Posts Tagged ‘Sexuality’

WIERD Methodology: Some Problems with the Study of Sexuality

December 9, 2012

The title of this blog post refers to a 2010 paper entitled “The WEIRDest People in the World?” by J Henrich, S. Heine and A Norenzayan. WEIRD is an acronym for White, Educated, Industrialized, Rich, and Democratic. In the paper, the authors argue that most psychology studies take as their sample study group undergraduate college students who generally fit the WEIRD acronym. They argue that this sample is not very indicative of humanity as a whole and we should be very wary of using this group as indicators of general human psychological states. As they say, the WEIRDos “are particularly unusual compared with the rest of the species – frequent outliers.”

At first, I was skeptical of the acronym. I thought, why are we creating a new acronym for a problem covered by the term “eurocentrism”? But, WEIRD actually points to the demographic of study, and has some value specifying that group. However, I find that the more important issue is the methodology that makes this acronym meaningful: the lazy and ethnocentric science of human behavior.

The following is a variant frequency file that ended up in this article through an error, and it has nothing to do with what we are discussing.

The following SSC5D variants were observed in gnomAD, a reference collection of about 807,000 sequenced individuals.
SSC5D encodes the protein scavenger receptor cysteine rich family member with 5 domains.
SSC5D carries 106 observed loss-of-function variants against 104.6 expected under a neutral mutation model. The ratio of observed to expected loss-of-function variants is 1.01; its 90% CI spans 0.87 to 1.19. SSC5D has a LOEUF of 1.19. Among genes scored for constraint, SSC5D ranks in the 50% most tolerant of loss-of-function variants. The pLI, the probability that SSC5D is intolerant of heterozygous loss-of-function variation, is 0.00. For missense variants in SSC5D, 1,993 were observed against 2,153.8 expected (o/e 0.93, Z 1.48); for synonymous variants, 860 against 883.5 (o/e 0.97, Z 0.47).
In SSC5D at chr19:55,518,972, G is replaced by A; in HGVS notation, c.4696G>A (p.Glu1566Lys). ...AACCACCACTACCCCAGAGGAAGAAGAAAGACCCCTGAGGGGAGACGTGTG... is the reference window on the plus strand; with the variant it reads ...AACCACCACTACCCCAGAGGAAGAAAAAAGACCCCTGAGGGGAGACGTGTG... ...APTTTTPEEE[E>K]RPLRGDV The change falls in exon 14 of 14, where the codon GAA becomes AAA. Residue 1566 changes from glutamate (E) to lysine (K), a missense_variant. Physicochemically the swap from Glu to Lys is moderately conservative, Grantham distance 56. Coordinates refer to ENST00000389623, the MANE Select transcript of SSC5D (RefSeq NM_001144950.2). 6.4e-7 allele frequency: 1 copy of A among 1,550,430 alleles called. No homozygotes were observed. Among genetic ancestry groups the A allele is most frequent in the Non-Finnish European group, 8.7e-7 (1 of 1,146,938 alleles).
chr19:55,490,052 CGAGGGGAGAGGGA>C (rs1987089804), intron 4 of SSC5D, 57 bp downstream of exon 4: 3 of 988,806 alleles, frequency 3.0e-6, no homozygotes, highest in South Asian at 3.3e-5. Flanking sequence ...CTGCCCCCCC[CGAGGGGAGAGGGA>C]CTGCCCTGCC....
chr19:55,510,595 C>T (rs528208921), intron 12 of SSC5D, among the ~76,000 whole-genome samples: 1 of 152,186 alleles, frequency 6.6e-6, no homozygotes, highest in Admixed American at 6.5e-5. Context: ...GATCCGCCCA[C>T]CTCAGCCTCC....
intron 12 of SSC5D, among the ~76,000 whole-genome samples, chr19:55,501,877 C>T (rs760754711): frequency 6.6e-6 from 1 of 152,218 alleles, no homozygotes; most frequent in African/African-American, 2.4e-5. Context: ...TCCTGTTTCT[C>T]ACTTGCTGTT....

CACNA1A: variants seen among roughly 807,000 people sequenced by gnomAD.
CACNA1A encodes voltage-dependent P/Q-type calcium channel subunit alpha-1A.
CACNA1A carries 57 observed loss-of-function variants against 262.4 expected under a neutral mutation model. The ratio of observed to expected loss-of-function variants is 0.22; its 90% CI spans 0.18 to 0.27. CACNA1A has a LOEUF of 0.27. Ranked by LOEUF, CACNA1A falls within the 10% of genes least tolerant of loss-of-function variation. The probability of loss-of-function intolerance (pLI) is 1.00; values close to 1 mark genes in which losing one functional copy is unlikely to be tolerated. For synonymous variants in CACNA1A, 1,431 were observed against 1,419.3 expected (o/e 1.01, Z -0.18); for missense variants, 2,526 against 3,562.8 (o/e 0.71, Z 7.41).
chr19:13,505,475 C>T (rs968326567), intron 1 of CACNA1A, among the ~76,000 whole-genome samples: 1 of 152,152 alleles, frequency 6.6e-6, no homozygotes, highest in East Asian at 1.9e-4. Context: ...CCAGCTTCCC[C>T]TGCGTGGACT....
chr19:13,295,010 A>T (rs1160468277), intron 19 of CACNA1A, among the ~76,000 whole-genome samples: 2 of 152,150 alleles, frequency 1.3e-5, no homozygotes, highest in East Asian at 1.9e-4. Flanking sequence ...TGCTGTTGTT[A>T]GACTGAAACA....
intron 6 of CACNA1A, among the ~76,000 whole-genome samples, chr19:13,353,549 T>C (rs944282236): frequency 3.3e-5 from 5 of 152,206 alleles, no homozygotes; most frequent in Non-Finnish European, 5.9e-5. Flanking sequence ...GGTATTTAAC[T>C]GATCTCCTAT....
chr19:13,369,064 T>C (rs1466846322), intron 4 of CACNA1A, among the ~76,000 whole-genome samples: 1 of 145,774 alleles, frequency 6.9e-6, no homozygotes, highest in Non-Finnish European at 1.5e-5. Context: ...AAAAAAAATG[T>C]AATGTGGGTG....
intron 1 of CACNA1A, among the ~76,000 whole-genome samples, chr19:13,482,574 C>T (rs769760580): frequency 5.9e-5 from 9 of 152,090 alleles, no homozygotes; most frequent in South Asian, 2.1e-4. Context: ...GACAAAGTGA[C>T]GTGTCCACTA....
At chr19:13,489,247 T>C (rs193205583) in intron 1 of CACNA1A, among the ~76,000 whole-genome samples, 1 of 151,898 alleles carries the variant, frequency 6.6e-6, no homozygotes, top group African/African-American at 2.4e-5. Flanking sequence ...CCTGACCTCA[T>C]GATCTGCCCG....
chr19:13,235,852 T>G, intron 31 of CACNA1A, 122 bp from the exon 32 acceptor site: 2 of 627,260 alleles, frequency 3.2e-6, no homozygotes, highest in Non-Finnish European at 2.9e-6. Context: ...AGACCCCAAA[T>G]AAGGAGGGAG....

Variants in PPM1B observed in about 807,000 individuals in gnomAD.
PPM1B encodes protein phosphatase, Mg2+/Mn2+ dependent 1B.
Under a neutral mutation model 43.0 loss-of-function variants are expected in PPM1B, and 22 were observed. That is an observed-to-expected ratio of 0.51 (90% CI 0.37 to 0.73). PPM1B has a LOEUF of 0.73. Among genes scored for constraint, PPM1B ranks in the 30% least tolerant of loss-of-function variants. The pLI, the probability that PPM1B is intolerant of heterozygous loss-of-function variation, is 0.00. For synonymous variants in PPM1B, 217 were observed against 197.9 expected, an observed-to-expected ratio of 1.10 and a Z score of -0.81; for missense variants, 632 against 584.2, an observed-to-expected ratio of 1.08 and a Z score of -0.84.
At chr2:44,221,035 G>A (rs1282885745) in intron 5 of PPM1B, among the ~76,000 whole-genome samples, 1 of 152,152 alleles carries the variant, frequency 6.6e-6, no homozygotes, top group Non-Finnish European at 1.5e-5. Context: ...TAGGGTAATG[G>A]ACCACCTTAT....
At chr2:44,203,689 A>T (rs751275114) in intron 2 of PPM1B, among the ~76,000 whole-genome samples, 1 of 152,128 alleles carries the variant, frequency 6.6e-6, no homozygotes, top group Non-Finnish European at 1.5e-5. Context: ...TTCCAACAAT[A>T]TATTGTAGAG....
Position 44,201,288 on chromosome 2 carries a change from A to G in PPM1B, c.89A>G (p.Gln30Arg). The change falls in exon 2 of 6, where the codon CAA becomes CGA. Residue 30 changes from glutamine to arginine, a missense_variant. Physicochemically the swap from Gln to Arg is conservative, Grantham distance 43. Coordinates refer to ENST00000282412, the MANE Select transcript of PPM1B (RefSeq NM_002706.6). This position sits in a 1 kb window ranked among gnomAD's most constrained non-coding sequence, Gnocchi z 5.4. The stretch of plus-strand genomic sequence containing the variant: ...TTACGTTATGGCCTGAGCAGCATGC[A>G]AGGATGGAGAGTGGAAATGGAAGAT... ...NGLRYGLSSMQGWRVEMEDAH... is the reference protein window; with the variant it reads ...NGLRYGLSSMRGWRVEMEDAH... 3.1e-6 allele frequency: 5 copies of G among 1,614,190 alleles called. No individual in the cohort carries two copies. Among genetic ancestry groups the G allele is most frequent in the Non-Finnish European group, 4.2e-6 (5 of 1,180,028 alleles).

I am quite approving of science that aims to find generalized human characteristics, also known as “human nature”. The problem is when lazy science puts the cart before the horse. As an example, let me point you to a BBC documentary about nudity I stumbled across last week.

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Differences in Western Sexuality

January 9, 2011

One of the things I’ve talked about on this blog is the construction of modern sexuality and adolescence and the impact of this on our cultural mores. Over the last couple of centuries this has gone through some developments leading to contemporary attitudes about sexuality. Along with the construction of adolescence has blossomed, in the twentieth-century, the category of, and attitudes towards, teenagers. Teenagers occupy a kind of liminal state between adolescent and adult and this creates a complex intersection of discourses all inter-relating that impact our attitudes towards teens and young adults. No where is this more evident than regarding teen sexuality. With this in mind, I found it quite interesting to find my way to an old slate piece (h/t: Feministing). The link takes you to a slide show that shows some of the discursive differences between attitudes about teen sexuality in America (and I would argue Canada) in comparison with European attitudes. I have to say, some of the statistics are quite telling and the explanations they take about the piece are solid.